Cone-beam computed tomography of the head in standing equids.

Klopfenstein Bregger, Micaël David; Koch, Christoph; Zimmermann, R; Sangiorgio, D; Schweizer-Gorgas, D. (2019). Cone-beam computed tomography of the head in standing equids. BMC veterinary research, 15(1), p. 289. BioMed Central 10.1186/s12917-019-2045-z

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Computed tomography in standing horses has revolutionized diagnostic imaging. The O-arm®, a cone beam computed tomography (CBCT) scanner with a gantry opening of 96.5 cm is routinely used for image-guided spine and neurosurgery in humans. The aim of this study is to describe the set-up and first experiences using the O-arm® to achieve CBCT imaging of the head in standing horses. CT imaging of the predefined region of interest (ROI) was tested on 2 cadaveric heads, concentrating on centering issues within the gantry, as well as determining the number of scans needed per ROI. All horses presented with head-related diseases and subjected to a CBCT examination between February 2015 and November 2016 for CBCT were included. Per scan, a limited field of view, i.e. a cylindrical volume of 21 cm in diameter and 16 cm in height was acquired within 13 s. Depending on the dimensions of the ROI, the minimum number of scans could range from one to six, if the entire equine head is to be examined in an adult horse.


Sixty-eight horses were included, five of which had a follow-up CBCT exam, and two of which were presented twice for two different indications (75 clinical cases). A total number of 449 acquired three-dimensional (3D) scans were recorded for these 75 cases. Two-hundred and forty-two 3D scans (54%) were considered as diagnostic quality. The imaging procedure was generally well tolerated by the sedated, standing equid, and diagnostic studies were performed in 73 out of 75 cases (97.3%). Motion artefacts and inadequate centering of the ROI were the most common reasons for non-diagnostic quality images and repeat scans of the same ROI.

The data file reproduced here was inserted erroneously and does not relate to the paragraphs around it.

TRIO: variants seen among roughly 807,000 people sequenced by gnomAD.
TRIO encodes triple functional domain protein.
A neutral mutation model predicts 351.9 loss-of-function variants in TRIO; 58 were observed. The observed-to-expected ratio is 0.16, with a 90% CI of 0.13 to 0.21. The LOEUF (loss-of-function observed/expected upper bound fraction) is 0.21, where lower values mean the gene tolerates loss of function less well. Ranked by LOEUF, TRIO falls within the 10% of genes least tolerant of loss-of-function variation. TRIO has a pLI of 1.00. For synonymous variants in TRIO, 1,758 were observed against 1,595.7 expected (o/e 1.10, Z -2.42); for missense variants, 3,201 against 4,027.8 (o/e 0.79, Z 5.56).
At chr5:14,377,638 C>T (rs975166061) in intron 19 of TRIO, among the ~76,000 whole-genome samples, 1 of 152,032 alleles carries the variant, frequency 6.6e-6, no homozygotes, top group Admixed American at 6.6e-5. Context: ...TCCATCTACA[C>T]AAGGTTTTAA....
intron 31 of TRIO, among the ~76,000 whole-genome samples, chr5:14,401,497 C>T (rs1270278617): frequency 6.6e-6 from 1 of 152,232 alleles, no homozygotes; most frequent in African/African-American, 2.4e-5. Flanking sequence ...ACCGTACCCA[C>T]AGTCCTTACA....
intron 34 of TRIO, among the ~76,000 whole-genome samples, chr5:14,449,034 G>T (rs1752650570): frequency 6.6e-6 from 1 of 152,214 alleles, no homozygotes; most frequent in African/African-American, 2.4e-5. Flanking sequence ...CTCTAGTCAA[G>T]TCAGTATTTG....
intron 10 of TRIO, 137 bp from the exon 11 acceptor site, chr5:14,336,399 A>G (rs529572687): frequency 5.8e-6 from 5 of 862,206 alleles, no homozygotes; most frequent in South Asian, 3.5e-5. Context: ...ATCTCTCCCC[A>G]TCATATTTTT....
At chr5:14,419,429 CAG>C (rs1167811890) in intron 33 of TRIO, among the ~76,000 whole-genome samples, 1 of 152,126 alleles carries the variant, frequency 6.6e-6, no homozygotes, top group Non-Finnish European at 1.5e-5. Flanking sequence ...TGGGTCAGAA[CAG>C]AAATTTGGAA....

CBCT is a valuable imaging modality for the equine head. Advantages of the O-arm® compared to a conventional multi-slice helical CT for imaging of the head in standing equids include the rapid image acquisition, the gantry's mobility in all dimensions, and the free movability of the entire imaging unit. Disadvantages include the considerable sensitivity to motion artefact, increased scatter, low soft tissue contrast and the limited dimensions of the field of view.

Item Type:

Journal Article (Original Article)


05 Veterinary Medicine > Department of Clinical Veterinary Medicine (DKV) > DKV - Clinical Radiology
05 Veterinary Medicine > Department of Clinical Veterinary Medicine (DKV) > ISME Equine Clinic Bern > ISME Equine Clinic, Internal medicine

UniBE Contributor:

Klopfenstein Bregger, Micaël David; Koch, Christoph and Schweizer, Daniela Esther


600 Technology > 630 Agriculture




BioMed Central




Andrea Stettler

Date Deposited:

28 Aug 2019 15:25

Last Modified:

05 Dec 2022 15:30

Publisher DOI:


PubMed ID:


Uncontrolled Keywords:

Cone beam computed tomography Head Horse O-arm® Standing




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